I’ve been working and playing with my new NCE “Hybrid” DCC system for a couple days now, and things seem to be running smoothly. The installation was mostly straightforward, with a few glitches in figuring out the polarity of certain wires and connections between NCE and my existing Lenz equipment. The power input, and the track and cab buses were literally a simple plug-in and all worked fine. The biggest challenge was hooking the control bus from the Lenz boosters to the NCE command station. Lenz uses the Euro style wire connectors for everything, whereas the NCE uses that style for just the power input and track outputs. The NCE box utilizes a telephone type plug for the control bus, so I had to figure a way to go from a twisted single pair cable to that telephone connector. I had an old telephone out in the garage that I had retired probably 20 years ago, so I took the receiver jack out of its base (with wires attached) and I secured it to the backboard at my controls area. I already had a barrier strip there where the control bus terminated, so I soldered a couple spade lugs to the appropriate pair of the jack’s wires, and simply attached them to that barrier strip. Then I was able to use the telephone handset cord to plug the NCE box into that jack, and -voila!- I had signal on the bus. Today I finished off the installation by hooking my computer up to the NCE box, and then cranking up DecoderPro. After doing the configuration for NCE, I was up and running. Other than a little tidy-up work, I’m done with the new installation.
In my last post I neglected to mention the other big reason I became disillusioned with my Lenz system. My favorite thing about the Lenz was that LH90 throttle with the big knob. The thing I liked the least about the system was that LH90 throttle with the big knob. Huh? How’s that you say? Well, the LH90 throttle doesn’t have a full keypad. It can only access five functions directly (that is, with a single key press). Getting to higher functions (up to function 8) requires pressing a shift button before pressing the desired function. Getting to functions up to 28 requires as many as a dozen button presses! With my earlier decoders, this wasn’t any particular problem. But with the advent of sound decoders, that shortcoming was quite disappointing. I generally need between eight and ten “instant” function buttons to set things up the way I prefer . . . easy to do with a full keypad. Even the small NCE throttles I have satisfy that requirement.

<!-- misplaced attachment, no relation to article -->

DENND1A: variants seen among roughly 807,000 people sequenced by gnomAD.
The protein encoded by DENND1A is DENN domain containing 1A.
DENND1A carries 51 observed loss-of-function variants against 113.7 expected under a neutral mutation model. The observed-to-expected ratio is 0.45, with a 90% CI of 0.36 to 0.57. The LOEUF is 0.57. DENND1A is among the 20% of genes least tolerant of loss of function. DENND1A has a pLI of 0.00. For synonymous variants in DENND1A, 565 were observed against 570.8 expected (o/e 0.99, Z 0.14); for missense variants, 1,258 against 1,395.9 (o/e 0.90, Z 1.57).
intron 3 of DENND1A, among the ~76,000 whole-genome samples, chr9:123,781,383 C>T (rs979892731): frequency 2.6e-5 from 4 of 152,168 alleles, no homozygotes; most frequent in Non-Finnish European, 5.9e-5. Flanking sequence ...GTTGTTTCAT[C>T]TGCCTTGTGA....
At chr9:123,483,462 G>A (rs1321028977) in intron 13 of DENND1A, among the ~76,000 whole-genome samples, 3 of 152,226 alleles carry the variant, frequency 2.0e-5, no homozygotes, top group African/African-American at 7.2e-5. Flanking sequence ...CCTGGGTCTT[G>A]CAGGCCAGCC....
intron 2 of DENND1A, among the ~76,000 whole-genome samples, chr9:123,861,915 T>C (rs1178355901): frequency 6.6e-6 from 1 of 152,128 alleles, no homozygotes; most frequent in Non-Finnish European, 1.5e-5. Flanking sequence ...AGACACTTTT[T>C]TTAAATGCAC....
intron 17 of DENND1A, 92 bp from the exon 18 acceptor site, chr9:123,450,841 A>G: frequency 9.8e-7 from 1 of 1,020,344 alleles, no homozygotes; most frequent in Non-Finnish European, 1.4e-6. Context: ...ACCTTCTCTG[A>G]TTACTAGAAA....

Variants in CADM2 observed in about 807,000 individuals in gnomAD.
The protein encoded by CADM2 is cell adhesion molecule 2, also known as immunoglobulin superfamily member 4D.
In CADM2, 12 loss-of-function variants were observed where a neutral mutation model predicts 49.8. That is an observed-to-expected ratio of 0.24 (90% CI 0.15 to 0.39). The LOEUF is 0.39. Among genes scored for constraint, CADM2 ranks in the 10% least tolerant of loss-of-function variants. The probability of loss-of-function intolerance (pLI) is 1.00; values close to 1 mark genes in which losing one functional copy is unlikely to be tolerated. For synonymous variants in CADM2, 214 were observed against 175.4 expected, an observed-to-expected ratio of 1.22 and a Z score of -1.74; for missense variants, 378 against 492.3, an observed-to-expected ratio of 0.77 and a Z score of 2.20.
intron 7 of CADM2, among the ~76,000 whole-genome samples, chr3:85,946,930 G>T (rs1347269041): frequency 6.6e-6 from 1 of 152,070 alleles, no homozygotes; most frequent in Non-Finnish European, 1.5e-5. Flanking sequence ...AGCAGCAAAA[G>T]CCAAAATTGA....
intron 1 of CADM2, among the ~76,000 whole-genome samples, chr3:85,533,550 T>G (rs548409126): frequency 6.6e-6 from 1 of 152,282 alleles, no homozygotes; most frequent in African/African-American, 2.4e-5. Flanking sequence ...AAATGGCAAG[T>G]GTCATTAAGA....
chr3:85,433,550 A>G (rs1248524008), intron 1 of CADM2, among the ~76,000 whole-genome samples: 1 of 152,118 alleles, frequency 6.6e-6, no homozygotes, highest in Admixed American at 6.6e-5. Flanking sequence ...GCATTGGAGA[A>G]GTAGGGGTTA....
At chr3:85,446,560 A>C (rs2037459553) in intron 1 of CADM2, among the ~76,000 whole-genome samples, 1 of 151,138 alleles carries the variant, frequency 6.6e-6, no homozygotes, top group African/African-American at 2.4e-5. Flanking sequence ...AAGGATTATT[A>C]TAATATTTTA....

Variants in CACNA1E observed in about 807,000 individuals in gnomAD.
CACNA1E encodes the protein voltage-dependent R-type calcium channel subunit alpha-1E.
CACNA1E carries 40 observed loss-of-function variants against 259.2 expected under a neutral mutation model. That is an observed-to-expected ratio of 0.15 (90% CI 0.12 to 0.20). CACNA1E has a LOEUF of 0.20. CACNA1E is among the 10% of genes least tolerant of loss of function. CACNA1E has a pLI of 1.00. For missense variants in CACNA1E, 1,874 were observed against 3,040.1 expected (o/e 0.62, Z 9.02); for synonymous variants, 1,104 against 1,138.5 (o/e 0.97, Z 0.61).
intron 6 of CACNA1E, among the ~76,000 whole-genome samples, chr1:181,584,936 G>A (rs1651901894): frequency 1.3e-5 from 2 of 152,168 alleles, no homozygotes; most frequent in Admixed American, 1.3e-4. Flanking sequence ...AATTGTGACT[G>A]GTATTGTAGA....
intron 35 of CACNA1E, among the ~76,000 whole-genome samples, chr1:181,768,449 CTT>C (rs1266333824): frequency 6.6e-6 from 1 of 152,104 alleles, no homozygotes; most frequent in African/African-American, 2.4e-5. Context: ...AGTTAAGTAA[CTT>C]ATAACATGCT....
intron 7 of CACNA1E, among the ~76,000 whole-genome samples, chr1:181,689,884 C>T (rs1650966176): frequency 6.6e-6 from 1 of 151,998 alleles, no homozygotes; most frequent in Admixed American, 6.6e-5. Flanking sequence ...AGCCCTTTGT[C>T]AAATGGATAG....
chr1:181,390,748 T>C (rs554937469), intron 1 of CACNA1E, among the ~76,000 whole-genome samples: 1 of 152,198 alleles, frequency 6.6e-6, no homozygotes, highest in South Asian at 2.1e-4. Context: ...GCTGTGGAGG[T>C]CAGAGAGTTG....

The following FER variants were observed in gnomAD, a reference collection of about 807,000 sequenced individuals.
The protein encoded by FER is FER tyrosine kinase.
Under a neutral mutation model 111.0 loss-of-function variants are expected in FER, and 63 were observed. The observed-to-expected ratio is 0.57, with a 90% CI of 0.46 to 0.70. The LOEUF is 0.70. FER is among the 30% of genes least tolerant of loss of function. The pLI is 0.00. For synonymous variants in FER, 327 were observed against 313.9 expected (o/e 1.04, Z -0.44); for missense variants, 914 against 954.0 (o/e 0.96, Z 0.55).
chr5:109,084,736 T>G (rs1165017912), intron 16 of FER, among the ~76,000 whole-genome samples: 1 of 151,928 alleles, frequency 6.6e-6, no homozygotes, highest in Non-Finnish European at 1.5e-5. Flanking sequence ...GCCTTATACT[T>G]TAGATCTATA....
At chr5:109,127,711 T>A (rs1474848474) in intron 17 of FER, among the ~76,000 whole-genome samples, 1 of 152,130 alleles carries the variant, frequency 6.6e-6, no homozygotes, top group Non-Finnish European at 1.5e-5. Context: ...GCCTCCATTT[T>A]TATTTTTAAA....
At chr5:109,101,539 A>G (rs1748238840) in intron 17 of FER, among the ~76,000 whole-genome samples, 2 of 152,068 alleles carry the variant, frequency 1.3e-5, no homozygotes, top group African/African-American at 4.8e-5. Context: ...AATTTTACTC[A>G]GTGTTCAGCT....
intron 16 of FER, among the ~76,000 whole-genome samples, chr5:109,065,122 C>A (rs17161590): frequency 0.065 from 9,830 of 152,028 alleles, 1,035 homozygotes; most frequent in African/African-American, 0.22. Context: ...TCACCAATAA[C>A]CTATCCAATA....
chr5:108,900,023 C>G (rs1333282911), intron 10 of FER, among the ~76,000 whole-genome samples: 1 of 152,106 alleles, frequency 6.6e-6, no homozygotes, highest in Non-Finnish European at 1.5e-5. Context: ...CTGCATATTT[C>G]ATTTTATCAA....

And last, I failed to mention the fast and convenient service Art Houston (my NCE dealer) provided when I called to order the system. Thanks, Art!
Can’t wait to get back out in the train room tomorrow to run some trains!